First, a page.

Health

Feeding peanuts to young children could reduce allergy risk: study

Children who consume peanut products during their first five years are significantly less likely to develop a peanut allergy as they approach early adolescence, according to a study published Tuesday in the New England Journal of Medicine (NEJM). This study is a follow-up to earlier research demonstrating a strong correlation between early peanut exposure — from four to six months old until five years — and a reduced risk of developing a peanut allergy. Researchers compared the prevalence of peanut allergies in a group exposed to peanuts early on with a group that avoided peanut consumption over the same period.

The latest findings reveal that the tolerance developed from early peanut exposure persists even into early adolescence. Out of the 640 participants in the original study, 497 were included in this follow-up study. Results showed that peanut allergies were still significantly more prevalent among the group that avoided peanuts compared to the group that consumed peanuts from infancy.

In the group that avoided early peanut consumption, 38 of 246 participants (15.4%) had developed a peanut allergy by age 13. Conversely, in the group that consumed peanuts from infancy, only 11 of 251 participants (4.4%) had a peanut allergy at the same age.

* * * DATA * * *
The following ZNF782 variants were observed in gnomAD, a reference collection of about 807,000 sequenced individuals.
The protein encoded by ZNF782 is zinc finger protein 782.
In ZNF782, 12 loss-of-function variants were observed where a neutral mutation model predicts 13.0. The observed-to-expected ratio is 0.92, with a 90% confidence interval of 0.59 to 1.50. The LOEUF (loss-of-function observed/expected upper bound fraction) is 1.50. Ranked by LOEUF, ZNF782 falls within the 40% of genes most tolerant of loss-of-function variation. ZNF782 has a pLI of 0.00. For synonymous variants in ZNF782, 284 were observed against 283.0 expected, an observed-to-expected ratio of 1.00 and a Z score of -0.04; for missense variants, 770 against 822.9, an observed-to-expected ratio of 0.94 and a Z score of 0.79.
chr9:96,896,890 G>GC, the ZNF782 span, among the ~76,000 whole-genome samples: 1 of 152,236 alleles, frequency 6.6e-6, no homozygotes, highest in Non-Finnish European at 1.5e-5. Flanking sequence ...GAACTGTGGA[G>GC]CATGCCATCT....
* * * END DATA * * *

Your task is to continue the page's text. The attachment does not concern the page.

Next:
Participants in both groups were allowed to consume peanuts as they wished from age five to 13, with some reporting prolonged periods of avoiding peanuts. Despite this, the initial early exposure appeared to provide lasting protection against developing an allergy.

Researchers now recommend that parents introduce peanut products to their children starting at six months old if the child does not have eczema and at four months old if the child does have eczema. This early introduction strategy is crucial given the rising prevalence of peanut allergies in recent years. According to the American College of Allergy, Asthma & Immunology, peanut allergies in children increased by 21 percent from 2010 to 2017. As of the 2017 study, nearly 2.5 percent of U.S. children may have an allergy to peanuts.

Overall, this study underscores the importance of early dietary interventions in preventing peanut allergies and suggests that early peanut consumption could be a key strategy in reducing the incidence of peanut allergies among children.

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